“If we want more unity and less contempt, however, we need to get out of our comfort zones, go where we are not welcome, and spend time talking and interacting with people with whom we disagree—not on lightweight stuff like sports and food, but on hard moral things.”
― Arthur C. Brooks, Love Your Enemies: How Decent People Can Save America from the Culture of Contempt
For the past month, I have been spending my Tuesday mornings with one of my favorite thought-leaders, Arthur C. Brooks. If you have been in the Leadership Montana world during the two years, you have likely heard me talk about his book, Love Your Enemies, and how his theories align with the teachings of our organization.
Through a unique opportunity that I am afforded to study with Dr. Brooks, I am consistently reminded of how important our work is at Leadership Montana. We can change the trajectory of our collective behavior. We can build a better society for all of us. I am holding tight to this belief, and seeking every opportunity to put this work into action.
On its face, ours is a professional development course, giving our participants tangible skills to work better together, more knowledge about Montana communities, and strong relationships that can extend beyond those eight months together. Those of us that dig deeper into our work know that our programming is so much more, and often undefinable.
At its core, Leadership Montana is about bridging what divides us, and these days there is no shortage of division. Our work is about seeking to understand, even when we do not agree. We replace disdain with respect, and change the culture of contempt. Our work is about depolarization in a deeply polarized world. We are about creating unity in a divided world.
Dang…that is so hard, right?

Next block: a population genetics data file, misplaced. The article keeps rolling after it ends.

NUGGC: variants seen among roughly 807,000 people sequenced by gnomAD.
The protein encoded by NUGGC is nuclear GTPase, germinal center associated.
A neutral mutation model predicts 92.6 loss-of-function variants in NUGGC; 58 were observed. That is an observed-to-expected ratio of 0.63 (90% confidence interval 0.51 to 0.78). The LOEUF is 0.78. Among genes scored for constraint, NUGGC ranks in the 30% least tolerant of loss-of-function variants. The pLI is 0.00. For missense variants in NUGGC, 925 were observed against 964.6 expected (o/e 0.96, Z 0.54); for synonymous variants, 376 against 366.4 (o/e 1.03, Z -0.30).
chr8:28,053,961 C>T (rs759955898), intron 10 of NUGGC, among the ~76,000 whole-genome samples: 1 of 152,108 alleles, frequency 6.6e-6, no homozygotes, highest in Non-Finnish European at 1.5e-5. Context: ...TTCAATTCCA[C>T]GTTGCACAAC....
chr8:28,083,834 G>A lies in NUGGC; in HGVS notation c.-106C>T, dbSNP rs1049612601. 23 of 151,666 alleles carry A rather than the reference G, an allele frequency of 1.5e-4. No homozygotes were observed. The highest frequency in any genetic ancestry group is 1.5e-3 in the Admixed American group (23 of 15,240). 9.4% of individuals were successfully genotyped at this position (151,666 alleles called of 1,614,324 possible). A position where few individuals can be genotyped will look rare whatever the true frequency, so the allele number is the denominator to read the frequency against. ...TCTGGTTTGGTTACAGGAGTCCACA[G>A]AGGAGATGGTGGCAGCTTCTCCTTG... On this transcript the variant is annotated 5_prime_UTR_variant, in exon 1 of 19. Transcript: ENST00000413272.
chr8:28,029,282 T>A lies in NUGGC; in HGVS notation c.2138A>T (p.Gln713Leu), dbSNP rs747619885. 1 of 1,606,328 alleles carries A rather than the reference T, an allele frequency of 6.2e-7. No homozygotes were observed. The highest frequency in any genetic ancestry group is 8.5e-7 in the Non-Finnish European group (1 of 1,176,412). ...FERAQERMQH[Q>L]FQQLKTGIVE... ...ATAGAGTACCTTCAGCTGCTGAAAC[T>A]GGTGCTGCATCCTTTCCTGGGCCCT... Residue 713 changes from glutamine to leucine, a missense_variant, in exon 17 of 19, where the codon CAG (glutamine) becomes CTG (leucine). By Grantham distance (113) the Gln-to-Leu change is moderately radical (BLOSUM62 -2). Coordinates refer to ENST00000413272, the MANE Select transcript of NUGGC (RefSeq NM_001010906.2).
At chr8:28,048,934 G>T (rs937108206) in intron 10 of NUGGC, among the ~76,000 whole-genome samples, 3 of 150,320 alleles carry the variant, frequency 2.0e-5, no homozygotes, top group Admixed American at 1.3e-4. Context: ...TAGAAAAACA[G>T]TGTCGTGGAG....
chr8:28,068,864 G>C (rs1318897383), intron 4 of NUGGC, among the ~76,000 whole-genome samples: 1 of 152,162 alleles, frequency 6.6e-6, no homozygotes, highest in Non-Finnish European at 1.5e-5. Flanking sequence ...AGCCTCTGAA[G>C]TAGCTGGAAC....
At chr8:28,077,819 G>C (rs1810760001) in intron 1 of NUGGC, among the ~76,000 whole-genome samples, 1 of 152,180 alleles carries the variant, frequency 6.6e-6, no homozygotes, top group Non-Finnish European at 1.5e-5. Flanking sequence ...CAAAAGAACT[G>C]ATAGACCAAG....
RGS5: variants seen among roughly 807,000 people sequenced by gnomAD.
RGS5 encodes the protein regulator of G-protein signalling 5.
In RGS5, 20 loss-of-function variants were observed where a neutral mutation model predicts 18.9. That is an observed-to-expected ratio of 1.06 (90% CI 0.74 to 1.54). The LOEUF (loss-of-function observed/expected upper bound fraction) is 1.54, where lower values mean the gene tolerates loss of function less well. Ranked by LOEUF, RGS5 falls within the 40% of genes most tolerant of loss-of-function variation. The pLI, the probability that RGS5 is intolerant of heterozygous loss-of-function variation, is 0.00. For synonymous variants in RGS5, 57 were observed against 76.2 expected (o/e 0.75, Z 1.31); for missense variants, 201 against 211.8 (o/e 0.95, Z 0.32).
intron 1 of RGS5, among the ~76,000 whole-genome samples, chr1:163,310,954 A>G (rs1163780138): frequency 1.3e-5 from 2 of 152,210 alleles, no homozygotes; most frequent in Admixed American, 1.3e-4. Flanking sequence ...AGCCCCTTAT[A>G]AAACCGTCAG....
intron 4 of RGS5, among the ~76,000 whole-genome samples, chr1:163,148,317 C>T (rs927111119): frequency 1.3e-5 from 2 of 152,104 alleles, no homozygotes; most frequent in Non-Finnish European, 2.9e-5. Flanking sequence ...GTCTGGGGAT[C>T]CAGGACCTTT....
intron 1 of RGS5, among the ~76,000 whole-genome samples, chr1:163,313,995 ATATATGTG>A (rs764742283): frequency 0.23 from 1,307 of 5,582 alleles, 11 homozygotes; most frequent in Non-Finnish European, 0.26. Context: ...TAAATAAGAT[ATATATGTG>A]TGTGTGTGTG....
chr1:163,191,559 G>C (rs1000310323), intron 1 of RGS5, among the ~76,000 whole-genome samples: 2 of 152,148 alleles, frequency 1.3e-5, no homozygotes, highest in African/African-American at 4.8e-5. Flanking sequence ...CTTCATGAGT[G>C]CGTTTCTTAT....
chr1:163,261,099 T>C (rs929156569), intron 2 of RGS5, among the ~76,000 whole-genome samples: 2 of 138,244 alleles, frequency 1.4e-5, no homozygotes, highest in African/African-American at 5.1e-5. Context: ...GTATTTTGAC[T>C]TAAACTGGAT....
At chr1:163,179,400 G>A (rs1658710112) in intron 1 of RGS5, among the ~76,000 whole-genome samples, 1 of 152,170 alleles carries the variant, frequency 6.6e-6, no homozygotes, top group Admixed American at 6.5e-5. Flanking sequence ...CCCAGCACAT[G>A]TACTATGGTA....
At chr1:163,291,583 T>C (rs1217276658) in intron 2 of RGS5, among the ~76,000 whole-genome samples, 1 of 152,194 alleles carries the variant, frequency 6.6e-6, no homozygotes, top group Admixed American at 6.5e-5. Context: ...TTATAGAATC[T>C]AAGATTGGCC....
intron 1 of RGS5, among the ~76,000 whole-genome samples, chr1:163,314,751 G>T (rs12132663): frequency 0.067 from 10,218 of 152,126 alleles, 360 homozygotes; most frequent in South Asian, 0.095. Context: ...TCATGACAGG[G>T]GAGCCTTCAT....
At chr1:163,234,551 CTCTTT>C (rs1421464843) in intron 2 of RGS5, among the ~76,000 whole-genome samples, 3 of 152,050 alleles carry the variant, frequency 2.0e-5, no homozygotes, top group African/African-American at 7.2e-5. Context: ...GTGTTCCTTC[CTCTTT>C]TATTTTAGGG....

Every day, our members are out in your circles of influence making the world a more gracious place. You are leaning into hard conversations, not backing away from them. You are getting curious with someone who disagrees with you, knowing that by doing so, you may just learn more about yourself. You are doing this work everyday. We see it and we see you. Keep going.
And when you need help, we are here for you, always.
Be well and lead well,
Chantel M. Schieffer
President & CEO
Class of 2010, Masters 2019
LMT Live: IndigiTalks
Join us for this LMT Series to listen to and learn from Indigenous leaders across Montana as we discuss history, culture, and opportunity.
Fri, October 7, 2022, 12:00 PM – 1:30 PM MDT
In this session host Marci McLean, LMT Indigenous Program Director will chat with Marsha Small about working with the City of Bozeman to recognize the second Monday of October as Indigenous Peoples Day.
Marsha Small is, Tsistsistas and Sudtai, Knowledge Keeper, and doctoral student in the Individual Interdisciplinary Program at Montana State University, Bozeman, Montana. Foci is Anthropology, Earth Sciences, Community Health Development, and Native American Studies. Area of healing (research) is centered on preservation and conservation of sacred sites with geophysical instruments.
We began our first session with these powerful words. These words are integral to Leadership Montana, but aren’t they just as relevant to our Montana community, and the culture we are trying to build?
Throughout the first session, we had the wonderful opportunity to start getting to know our fellow leaders that work across a vast array of industries in our beautiful state. Seeming strangers from across Montana, working together to better understand themselves in order to work to benefit their communities. The courage, vulnerability, and openness that I experienced in these first few days brings so much hope in these post-COVID times, where sometimes we do struggle to feel like we belong.
It is no secret that Montana is growing. As we grow, I believe it is important for us as leaders to embrace the ideas and beliefs of everyone in our state; from those whose families have been here for generations to those who’ve only been here for a few weeks or months. Through these next 8 months, I am very excited to learn and grow and deepen my roots in Montana alongside my amazing fellow leaders to create a community where everyone belongs.
We all belong here.
Frank Garner, Class of 2005, Kalispell
Interviewed by Danielle Allen, Class of 2021, Helena